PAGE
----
Man Fired Twice Over Twitter Addiction
Just received my monthly text from AT&T informing me I have used 100% of my data usage. #sorrydaddy #Twitteraddiction
Just inserted a hashtag in a text to my mother.. Yep, that just happened #twitteraddiction
when i dont get on twitter i feel disconnected from the world #twitteraddiction
Larry Carlat's account in The New York Times of his addiction to Twitter transformed a playful hashtag into a harrowing cautionary tale. Since joining the site in the summer of 2008, Carlat lost two jobs, his wife, his house, and his pleasure in the very thing he compulsively consumed. A Twitter addiction is the same as any other addiction, it turns out, except for one one big difference. Unlike heroin, cocaine and methamphetamines, many workplaces encourage the use of Twitter. Some even require it.
Soon after a social media site gains traction, "addiction" to that site starts making headlines. "Facebook addiction" became a commonly searched term starting in October 2006, one month after the site became open to all, and its search frequency has been rising ever since (residents of the Philippines are apparently particularly concerned with the problem).
"Facebook Addiction Growing Issue" declared KITV at the end of 2009, its stern warnings legitimized by the weighty remarks of a credentialed psychologist. "Women say they're increasingly addicted to Facebook," crowed Computerworld in the summer of 2010. "Facebook addiction causes anxiety, depression in youngsters," announced The Times of India in January of this year.
"Twitter addiction" began making waves in early 2009, when the daily number of Tweets started growing by around 1 million a month. Self-help articles surfaced offering up the top 5, top 10, top 20, top 21, top 29, top 50, top 100+ signs that your use of the site had become pathological.
As Carlat proves, Twitter addiction can be a very real thing. He posted his witticisms and reflections every hour on the hour for three years, except for the day his father-in-law died. He even used a program that posted tweets while he slept. Carlat began thinking and talking in 140-character bursts, and when his boss at Men's Health magazine discovered his endlessly updated and often graphic Twitter account, Carlat was told that he had to kill it or resign.
He chose the latter.
Carlat stopped getting any real satisfaction from his Tweets. And after his wife left him, he posted, "I would've taken a bullet for my wife, but now I'd rather be the one pulling the trigger," deeply disturbing his son. Carlat committed "Twittercide" soon after.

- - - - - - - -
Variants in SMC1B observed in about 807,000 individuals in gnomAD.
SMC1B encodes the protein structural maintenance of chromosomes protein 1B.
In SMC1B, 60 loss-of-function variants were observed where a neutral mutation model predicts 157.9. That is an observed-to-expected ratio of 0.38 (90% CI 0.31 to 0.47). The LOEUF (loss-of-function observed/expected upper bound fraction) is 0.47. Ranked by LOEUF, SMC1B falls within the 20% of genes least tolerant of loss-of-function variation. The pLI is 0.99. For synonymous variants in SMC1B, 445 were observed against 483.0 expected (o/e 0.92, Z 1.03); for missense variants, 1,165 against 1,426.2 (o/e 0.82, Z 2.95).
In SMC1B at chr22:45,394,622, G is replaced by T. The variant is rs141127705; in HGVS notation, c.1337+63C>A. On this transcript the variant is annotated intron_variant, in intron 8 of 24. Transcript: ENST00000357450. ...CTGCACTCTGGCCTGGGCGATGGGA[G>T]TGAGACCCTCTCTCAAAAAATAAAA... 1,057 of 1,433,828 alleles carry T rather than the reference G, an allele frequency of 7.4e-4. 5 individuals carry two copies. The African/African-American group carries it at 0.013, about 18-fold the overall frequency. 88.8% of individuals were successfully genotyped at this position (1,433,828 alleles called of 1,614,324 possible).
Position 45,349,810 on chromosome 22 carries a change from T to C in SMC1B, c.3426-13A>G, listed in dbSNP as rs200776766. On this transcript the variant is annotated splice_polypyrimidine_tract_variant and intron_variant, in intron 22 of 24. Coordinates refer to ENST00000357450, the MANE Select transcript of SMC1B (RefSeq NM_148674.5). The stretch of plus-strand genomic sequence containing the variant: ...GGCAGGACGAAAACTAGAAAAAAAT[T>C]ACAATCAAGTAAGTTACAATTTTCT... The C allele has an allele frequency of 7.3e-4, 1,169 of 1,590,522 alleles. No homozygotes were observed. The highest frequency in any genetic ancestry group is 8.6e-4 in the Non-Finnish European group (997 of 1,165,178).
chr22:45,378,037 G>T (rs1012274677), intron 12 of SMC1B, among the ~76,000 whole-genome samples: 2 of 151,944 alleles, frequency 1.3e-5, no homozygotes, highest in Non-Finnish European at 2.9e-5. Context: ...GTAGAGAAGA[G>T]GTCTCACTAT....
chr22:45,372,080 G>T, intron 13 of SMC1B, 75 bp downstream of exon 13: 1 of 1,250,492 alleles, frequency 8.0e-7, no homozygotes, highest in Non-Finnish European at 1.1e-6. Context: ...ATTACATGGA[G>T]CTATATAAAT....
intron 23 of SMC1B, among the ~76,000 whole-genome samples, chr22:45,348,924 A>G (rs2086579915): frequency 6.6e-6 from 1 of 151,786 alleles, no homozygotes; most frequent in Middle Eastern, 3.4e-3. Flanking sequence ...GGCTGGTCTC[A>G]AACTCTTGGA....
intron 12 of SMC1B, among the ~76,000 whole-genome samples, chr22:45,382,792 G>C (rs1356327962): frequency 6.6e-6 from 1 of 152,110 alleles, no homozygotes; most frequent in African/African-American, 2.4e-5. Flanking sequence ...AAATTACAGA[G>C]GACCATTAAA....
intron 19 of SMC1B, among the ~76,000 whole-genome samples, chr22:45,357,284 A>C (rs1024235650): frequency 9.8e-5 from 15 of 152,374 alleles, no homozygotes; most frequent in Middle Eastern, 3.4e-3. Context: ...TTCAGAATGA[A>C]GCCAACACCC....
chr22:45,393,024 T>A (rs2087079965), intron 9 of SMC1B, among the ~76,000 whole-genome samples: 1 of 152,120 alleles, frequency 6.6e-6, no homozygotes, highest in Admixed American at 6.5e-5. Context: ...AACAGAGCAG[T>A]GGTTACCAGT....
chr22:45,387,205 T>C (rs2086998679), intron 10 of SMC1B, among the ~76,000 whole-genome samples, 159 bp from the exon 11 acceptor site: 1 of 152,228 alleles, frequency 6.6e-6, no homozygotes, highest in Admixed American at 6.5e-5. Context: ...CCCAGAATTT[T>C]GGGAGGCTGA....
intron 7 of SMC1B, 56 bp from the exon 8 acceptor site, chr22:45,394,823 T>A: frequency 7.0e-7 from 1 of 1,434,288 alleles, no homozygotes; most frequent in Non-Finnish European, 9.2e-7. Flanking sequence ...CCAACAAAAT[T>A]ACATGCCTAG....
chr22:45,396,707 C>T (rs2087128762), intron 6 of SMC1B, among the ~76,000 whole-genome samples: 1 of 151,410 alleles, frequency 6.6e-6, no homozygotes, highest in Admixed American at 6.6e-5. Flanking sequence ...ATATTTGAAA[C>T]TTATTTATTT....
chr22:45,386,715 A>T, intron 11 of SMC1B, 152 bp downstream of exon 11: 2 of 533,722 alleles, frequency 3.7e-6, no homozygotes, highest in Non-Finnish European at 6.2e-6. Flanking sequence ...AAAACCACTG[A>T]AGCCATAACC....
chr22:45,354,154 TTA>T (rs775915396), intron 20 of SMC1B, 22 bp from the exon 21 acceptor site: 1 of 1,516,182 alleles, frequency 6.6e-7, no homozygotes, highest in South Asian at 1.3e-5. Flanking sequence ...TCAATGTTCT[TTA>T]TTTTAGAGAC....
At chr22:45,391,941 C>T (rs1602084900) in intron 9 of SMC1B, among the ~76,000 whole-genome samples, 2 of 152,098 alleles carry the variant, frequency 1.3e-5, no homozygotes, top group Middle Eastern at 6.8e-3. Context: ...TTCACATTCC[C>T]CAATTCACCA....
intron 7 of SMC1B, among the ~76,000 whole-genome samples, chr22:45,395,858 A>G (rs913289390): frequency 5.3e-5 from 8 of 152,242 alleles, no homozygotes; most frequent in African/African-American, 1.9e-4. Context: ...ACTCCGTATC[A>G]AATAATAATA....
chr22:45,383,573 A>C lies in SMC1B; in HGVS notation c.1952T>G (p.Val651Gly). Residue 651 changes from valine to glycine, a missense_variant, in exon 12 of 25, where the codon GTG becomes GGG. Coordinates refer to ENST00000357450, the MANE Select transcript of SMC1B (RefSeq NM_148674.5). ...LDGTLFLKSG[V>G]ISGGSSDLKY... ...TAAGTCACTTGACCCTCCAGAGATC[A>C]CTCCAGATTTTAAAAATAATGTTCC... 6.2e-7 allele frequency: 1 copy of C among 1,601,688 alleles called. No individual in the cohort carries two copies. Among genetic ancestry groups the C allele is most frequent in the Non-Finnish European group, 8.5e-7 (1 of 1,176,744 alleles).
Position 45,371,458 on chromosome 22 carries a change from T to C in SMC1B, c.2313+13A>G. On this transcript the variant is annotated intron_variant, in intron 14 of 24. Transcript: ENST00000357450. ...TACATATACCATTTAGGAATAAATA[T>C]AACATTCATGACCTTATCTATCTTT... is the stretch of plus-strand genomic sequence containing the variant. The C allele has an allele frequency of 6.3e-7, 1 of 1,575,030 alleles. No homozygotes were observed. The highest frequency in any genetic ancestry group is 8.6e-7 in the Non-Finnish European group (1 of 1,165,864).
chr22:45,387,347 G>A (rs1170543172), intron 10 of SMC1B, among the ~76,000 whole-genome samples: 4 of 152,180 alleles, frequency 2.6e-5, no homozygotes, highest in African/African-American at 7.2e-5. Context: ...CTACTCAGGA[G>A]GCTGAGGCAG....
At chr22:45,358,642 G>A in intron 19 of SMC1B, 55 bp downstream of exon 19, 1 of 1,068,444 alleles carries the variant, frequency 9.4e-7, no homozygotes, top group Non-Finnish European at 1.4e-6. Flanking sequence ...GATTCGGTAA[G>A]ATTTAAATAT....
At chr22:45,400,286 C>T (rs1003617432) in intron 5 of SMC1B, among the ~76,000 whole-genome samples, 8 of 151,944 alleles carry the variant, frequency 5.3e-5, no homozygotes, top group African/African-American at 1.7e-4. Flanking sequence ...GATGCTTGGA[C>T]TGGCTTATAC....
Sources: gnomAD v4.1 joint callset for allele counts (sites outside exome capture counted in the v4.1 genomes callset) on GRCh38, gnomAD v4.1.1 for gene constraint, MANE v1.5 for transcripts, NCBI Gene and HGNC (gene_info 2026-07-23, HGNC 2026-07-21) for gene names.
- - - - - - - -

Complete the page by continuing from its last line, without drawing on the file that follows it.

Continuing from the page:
While the Internet is probably dotted with Carlats, much of the noise about social media addiction leans to the hyperbolic. As Dr. Pamela Rutledge points in Psychology Today, the media loves to toss around the word "addiction," even though many of the studies on the subject don't prove addiction at all. News sites recently declared that 1 million British children were addicted to Facebook; the survey actually found that 970,000 kids aged 7 to 12 logged into Facebook at least once a day.
Doing something once a day isn't usually a qualification for a disorder. Regular use of Facebook and Twitter is in fact becoming a qualification for many fields of employment.
Branding oneself through social media has become almost a requirement in the fields of PR, politics, entertainment, fashion, and journalism. Small businesses too are increasingly using social media to market themselves, advertise products and deals, and lure customer loyalty with a speedily-typed exchange.
76 percent of small businesses use Twitter and 86 percent use Facebook, according to a report by Constant Contact, a social media marketing firm. A survey of 304 businesses' social media use by insurance provider Hiscox came up with the slightly more modest number of 53 percent.
As more workplaces take advantage of these tools, more employees are required to use them. Those 7 to 12 year olds who logged into Facebook everyday could be seen as addicts, or as honing a key marketable skill.
As social media experience becomes increasingly valuable in the workplace, labeling its frequent use as a sickness isn't particularly helpful. Social media instead shares a camp with all those other regular activities we must learn to limit, like caffeine, alcohol, eating, watching TV or staring at ourselves in the mirror.
As media psychologist Stuart Fischoff recently said: "Everyone is a potential addict -- they're just waiting for their drug of choice to come along, whether heroin, running, junk food or social media. All those substances can be streetcars of desire...."
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